Bahrain promotes healthy lifestyles as country eyes health tourism industry
With its sights set on the potential to become a health tourism destination in the Arab Gulf, Bahrain recently hosted a two-day health and wellness expo, the third of its kind in the country, where soaring levels of obesity and diabetes have the health ministry promoting more active and ‘health conscious’ living in the Gulf state.
Bahrain has given countries in the Gulf some of the highest per capita incomes in the world. But it has also created lifestyles - overeating, high-sugar diets, sedentary jobs and heavy reliance on automobiles for transport - that are leading to an explosion of health issues, experts say.
Just two or three generations ago, many inhabitants of the region made their living through strenuous work such as fishing, goat-herding and pearl-diving. But now, physically demanding jobs in the Gulf Cooperation Council (GCC), such as construction and oil field operation, are now almost entirely done by millions of foreign workers.
The 3rd Health & Wellness Expo took place from April 16-18 at Bahrain’s International Exhibition and Convention Centre in Manama. Said to be one of the most popular events organized by the health care sector, the opening was attended by Bahrain’s Minister of Health Sadiq Bin Abdul Karim Al Shehabi and a number of officials.
From booths promoting healthy nutrition, to live ‘work out’ demonstrations, the expo attracted members of the public seeking out answers on losing weight, eating healthily and learning different meditation and yoga techniques. It was open to the public for free.
“In the fast paced times we are living in, we no longer have time to pay attention to what we eat, so we opt for fast foods, which are generally unhealthy,” said Diana Nakhle, a health nutritionist and dietician at the Carlton Nutrition Center, which was established in 2002 to promote weight control programs and healthy living.
“So the sorts of food choices raise the chance of obesity and health problems. This is where the role of the nutrition specialist comes in, to help and guide people on the importance of food varieties and quantities so people can eat healthy food and adopt healthy nutritional habits so we can have a healthy weight and stray away from illness,” Nakhle added.
Five of the 10 countries where diabetes is most prevalent are located in the six-nation GCC, according to the International Diabetes Federation (IDF), an umbrella organization of more than 200 national associations.
Bahrain ranks eighth with almost 15 percent of its more than one million population suffering from diabetes, an illness that accounts for five percent of deaths in the country.
Some Gulf residents also believe the first Gulf War against Saddam Hussein in 1990-1991 may have contributed indirectly to the spread of obesity by fostering a junk food culture. Fast food outlets blossomed in Bahrain, Kuwait, Saudi Arabia and other countries where thousands of U.S. troops were stationed, and remained part of daily life after the troops withdrew.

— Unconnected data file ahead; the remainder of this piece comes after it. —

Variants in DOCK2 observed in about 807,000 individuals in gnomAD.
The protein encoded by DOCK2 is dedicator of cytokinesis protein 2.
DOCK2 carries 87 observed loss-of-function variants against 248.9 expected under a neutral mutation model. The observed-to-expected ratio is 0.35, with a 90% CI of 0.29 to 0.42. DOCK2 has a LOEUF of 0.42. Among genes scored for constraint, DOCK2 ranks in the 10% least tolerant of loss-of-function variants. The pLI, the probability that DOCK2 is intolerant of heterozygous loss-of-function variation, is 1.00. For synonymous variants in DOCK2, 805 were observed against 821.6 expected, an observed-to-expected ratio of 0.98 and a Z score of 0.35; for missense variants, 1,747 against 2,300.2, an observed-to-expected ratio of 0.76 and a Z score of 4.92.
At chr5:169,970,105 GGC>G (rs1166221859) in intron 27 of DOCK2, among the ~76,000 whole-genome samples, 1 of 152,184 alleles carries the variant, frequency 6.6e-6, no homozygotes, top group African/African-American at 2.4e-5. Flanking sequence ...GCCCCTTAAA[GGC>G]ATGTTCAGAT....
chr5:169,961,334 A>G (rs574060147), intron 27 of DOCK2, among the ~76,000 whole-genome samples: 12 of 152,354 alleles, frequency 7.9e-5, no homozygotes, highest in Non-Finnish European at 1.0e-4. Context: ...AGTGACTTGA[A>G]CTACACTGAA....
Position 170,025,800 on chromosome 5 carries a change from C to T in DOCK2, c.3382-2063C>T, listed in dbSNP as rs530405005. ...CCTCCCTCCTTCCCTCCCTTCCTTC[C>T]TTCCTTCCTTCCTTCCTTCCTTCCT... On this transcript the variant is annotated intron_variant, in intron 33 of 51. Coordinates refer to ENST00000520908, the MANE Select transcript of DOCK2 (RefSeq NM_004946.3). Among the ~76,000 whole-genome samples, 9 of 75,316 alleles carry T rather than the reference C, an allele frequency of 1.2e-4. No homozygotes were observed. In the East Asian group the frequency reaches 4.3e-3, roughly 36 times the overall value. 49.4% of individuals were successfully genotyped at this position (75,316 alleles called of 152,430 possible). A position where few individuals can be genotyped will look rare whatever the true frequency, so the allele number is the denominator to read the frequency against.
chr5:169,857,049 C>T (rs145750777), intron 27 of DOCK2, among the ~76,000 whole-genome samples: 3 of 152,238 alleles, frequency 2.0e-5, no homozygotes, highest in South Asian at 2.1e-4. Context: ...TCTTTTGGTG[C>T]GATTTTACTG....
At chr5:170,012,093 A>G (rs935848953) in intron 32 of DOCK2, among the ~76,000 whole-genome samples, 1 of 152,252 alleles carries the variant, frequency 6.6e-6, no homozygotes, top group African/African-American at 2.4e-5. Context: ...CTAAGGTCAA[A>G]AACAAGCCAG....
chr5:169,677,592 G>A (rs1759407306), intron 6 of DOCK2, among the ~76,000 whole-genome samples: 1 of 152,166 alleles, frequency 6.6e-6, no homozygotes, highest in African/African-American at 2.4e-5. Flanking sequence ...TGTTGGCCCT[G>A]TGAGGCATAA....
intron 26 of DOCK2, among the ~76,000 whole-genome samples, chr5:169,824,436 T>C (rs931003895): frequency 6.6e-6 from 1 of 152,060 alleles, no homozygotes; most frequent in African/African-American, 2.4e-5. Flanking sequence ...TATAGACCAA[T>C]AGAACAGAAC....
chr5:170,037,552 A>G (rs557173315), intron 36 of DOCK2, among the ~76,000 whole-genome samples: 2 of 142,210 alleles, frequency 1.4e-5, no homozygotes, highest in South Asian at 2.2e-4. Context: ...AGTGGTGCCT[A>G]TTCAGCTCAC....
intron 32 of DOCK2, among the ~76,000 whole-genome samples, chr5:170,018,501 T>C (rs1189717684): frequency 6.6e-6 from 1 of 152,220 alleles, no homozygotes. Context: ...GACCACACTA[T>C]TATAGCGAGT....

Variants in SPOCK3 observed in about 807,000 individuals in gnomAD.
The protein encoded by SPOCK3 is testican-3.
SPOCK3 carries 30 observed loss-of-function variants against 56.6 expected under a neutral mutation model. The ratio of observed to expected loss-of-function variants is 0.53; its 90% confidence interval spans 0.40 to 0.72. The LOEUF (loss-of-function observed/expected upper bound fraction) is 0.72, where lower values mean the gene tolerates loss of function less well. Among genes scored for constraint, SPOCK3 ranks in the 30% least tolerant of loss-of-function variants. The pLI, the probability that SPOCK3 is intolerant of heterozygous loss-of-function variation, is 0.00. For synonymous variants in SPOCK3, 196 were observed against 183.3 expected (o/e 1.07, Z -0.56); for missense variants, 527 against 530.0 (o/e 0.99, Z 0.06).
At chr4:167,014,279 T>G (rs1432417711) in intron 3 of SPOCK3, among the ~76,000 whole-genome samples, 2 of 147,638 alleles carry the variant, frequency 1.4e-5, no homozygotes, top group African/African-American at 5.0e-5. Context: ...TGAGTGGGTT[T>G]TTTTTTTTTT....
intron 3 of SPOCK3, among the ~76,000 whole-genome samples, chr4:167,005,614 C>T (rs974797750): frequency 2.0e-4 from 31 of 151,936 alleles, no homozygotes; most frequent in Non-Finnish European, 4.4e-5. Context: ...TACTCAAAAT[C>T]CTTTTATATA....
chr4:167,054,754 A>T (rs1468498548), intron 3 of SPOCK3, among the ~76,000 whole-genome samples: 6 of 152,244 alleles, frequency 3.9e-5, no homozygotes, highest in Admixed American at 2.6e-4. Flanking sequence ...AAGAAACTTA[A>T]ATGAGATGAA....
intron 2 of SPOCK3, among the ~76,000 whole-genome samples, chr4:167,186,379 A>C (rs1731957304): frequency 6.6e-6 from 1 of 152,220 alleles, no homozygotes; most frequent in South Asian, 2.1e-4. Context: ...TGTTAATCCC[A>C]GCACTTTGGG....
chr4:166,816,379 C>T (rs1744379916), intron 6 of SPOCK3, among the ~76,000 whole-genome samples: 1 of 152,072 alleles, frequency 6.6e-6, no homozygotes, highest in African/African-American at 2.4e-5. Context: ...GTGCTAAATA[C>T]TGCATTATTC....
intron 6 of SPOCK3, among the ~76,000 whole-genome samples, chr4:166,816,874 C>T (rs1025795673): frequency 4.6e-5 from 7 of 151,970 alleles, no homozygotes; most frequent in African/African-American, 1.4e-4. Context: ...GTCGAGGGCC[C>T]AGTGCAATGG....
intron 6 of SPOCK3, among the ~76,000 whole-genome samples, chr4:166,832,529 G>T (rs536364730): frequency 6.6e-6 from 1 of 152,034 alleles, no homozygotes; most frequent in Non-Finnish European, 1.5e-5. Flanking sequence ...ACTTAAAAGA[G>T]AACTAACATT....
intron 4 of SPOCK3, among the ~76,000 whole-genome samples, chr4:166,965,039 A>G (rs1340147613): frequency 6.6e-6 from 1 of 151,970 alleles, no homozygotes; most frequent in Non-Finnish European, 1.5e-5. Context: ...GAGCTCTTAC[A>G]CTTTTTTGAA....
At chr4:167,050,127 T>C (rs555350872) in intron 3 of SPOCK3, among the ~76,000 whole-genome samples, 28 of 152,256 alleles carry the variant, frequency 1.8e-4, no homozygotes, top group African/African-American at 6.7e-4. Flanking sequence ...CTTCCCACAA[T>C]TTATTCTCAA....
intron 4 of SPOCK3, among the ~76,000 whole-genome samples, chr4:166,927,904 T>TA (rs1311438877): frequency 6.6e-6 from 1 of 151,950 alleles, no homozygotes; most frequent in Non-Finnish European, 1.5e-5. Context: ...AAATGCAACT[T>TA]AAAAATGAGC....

“The level of obesity in Bahrain is higher than neighboring countries. This is strange but it’s the reality. It has become critical to deal with this. Of course this is true for many countries, but here in Bahrain the problem is significantly increasing,” Dr. Michel Mansour, chief medical officer at the American Mission Hospital in Manama said, adding he was concerned about the noticeable rise in obesity among Bahraini teens.
Genetic factors apparently also contribute to the Gulf’s high incidence of diabetes, an incurable disease in which the body has difficulty absorbing sugars and which is closely associated with obesity, scientists said. It can lead to cardiovascular problems, blindness, strokes and kidney disease.
“It has to be a way of life, in regards to both, the way of eating -- the kind of food for sure -- and also exercise,” Mansour added of the mechanisms to tackle issues around overweight.
Obesity, a major factor in diabetes and heart disease, imposes costs on both public and private sectors and is a drag on economic growth.
Even for wealthy Gulf oil exporters, the financial costs are unwelcome.
Medical care is heavily subsidized, and the UAE for example, spends 272 million USD on diabetes treatment annually. A study by the Abu Dhabi health authority estimated the overall social costs of the disease at about 1.9 billion USD.
Beyond the immediate financial costs, diabetes may threaten Gulf countries’ long-term plans for development. Aware that their dependence on oil leaves them vulnerable to global markets, the countries are trying to diversify their economies and bring more of their people into the workforce.
One effort by Bahrain to expand its economy is in promoting the health tourism industry.
A new development in Muharraq, Bahrain’s third largest city that once served as the kingdom’s capital, is set to feature a wide range of health and fitness facilities sure to attract many.
The 1.6 billion USD “Dilmunia” project is set to be completed around 2016.
“Dilmunia Island features health facilities in the center of the island. These facilities vary from specialized health centers to health care and fitness,” Mohammed Khalil Alsayed, the CEO of Ithmaar Development Company and Dilmunia Project, told Reuters.
Gulf rulers responded to political unrest in the Middle East by increasing welfare benefits for their citizens in a bid to buy social peace.
But some officials in the Gulf have privately conceded that this has further reduced the pressure on people to work.
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